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Little Fitness Dragon: A Gamified Activity Tracker

  • Isabelle KniestedtEmail author
  • Marcello A. Gómez Maureira
Conference paper
Part of the Lecture Notes in Computer Science book series (LNCS, volume 9926)

Abstract

We propose the design of an activity game and virtual pet for smart-watches that combines casual game design principles, lessons from fitness trackers, and location-based features. Players take care of a newly hatched dragon that grows and changes depending on their activities, reflecting their general fitness in a playful and encouraging manner. Where most virtual companions are aimed at children, we designed this game with young adults in mind. An early PC prototype was tested by ten members of this target group to gauge interest and inform design iterations. The general design of the game and the virtual dragon were mentioned as strong points, while the emulation on the PC was considered not intuitive. Upcoming prototypes will be tested on smart-watches, with the ultimate goal of exploring the impact of connecting a virtual pet to the physical location of a player on engagement and activity levels.

Keywords

Applied gaming Games for wearables Activity tracking Virtual pet 

1 Introduction

In recent years wearable fitness trackers and smart-watches have become more widely used and increasingly sophisticated. No longer are users limited to simple step counters; with devices like the Pebble and Apple Watch we now see smart-phone functionality integrated with fashionable technology that fits unobtrusively on our wrists.

Our goal is to explore the novel interaction possibilities that smart-watches provide and how they may be used to improve people’s lives. In that light we have begun development on Little Fitness Dragon, and activity game for mobile phones and smart-watches. By building on existing research and incorporating lessons from the casual game industry, we aim to develop an engaging wellness tracker that encourages its players to be active on a regular basis by combining a virtual pet with location-based game mechanics. The novelty of this game lies in grounding a virtual character in a player’s physical surroundings, as well as utilizing modern wearables which so far remain underused, both for gaming purposes and in research relating to activity trackers.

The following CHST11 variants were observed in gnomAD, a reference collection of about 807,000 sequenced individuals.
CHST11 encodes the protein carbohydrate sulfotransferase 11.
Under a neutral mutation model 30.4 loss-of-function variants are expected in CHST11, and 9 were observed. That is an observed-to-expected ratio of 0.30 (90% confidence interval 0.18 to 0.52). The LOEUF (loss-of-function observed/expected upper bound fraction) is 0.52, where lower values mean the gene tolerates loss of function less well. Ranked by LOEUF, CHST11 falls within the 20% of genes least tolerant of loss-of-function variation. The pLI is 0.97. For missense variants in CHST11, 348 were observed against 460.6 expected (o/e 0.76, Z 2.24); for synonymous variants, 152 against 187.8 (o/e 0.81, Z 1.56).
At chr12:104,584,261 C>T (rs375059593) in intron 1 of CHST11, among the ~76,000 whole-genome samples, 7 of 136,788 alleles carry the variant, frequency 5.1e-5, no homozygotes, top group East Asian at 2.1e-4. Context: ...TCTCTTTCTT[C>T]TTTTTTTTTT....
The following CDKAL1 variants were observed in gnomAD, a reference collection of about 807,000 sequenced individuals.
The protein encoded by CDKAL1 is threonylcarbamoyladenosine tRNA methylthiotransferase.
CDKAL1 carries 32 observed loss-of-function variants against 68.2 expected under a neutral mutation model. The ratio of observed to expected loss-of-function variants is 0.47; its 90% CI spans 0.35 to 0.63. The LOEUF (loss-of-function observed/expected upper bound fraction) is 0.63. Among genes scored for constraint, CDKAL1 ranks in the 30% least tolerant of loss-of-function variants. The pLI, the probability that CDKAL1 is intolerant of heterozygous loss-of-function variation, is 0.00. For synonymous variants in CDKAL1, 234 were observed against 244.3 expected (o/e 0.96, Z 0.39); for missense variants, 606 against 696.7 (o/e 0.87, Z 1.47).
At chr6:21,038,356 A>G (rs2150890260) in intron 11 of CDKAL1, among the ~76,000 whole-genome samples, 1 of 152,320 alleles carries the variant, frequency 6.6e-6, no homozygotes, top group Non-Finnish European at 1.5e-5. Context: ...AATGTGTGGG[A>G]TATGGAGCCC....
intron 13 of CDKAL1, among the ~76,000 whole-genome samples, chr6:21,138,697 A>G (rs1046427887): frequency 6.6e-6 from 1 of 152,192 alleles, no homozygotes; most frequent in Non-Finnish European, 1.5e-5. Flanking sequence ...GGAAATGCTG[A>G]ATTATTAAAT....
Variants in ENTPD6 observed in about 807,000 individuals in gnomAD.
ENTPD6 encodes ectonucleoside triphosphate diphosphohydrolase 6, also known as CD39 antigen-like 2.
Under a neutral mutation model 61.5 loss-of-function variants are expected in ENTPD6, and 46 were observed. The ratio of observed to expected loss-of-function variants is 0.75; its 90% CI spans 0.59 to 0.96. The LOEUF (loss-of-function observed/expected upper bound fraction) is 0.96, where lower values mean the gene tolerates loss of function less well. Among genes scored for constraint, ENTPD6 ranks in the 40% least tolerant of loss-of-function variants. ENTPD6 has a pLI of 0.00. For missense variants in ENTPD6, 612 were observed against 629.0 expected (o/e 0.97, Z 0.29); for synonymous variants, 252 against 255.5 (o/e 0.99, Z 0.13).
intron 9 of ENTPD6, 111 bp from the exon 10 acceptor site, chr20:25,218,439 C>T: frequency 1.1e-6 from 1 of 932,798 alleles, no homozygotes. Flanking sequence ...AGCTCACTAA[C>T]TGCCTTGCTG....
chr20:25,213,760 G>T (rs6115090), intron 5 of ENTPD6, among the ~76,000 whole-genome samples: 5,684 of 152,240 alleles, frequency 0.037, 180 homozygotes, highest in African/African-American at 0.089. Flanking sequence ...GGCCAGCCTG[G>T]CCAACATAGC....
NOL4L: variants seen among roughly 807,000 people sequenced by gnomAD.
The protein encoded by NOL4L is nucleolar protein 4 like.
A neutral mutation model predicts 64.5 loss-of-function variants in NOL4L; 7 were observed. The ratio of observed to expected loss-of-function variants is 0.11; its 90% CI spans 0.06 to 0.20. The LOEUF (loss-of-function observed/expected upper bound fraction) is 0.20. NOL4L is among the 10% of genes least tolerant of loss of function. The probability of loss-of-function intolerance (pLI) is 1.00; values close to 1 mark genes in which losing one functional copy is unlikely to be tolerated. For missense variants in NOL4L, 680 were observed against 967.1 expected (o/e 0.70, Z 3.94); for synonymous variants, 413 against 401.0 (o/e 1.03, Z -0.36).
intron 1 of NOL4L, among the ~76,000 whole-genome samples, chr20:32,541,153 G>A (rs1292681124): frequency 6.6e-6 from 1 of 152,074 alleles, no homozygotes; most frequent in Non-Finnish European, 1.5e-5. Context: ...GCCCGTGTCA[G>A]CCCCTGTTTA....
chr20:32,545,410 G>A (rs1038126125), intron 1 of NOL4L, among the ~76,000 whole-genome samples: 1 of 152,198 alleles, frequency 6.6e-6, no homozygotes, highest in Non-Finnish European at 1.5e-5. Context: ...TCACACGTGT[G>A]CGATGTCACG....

This paper describes the preliminary design and conception of a PC prototype for the game. The prototype was tested with a small selection of participants, some of whom had game design experience. This was done purposefully to better inform the design of the game before moving forward with its development. We conclude this paper with our plans for future work and follow-up studies.

2 Related Work

Over the last decade researchers have studied both the successes and the limitations of wearable fitness devices. One documented project is Fish‘n’Steps [7], which used a wearable pedometer and linked a user’s daily step count to the growth and happiness of a virtual fish. The digital fish tank was displayed in a common area of the test participants’ office space, and users were required to check in on a daily basis to log their activity. Out of 19 participants, several increased their daily step count over the testing period of six weeks. Another relevant example is UbiFit [3]. It aimed to encourage users to monitor their own activity and to implement varied activities into their lives on a daily basis. It did this through a glanceable display background on the user’s mobile phone showing a garden, which would change depending on the level of activity and the variety of activities the user participated in that week. Users of the glanceable display were able to maintain their activity levels over a period of several months (which included holiday weeks), while that of test participants not using the display dropped significantly. While these projects showed positive results, commercial activity trackers often end up being abandoned by their users. Barriers to continued use are that the devices do not record all physical activity, are inaccurate, do not provide a social functionality, or that the devices themselves are ugly or impractical [5].

The Tamagotchi showed many years ago that users can grow attached to a digital creature or pet. Research has begun to explore this further, for instance with testing the use of virtual pets to influence changes in behavior. A study with 39 adolescents determined that those with a virtual pet providing positive and negative feedback on their breakfast habits were twice as likely to eat breakfast than those in the control group [1]. With the continued development of mobile devices, location-based games and apps have also become more common. Gaea [2] uses mobile phones and a public display in a location-based multiplayer mobile game that encourages the public to recycle. Another interesting case of using location-based game features for encouraging behavior can be seen in the overnight commercial success of Pokemon Go, which has players walking long distances in their quest to ‘catch them all’ [8].
Fig. 1.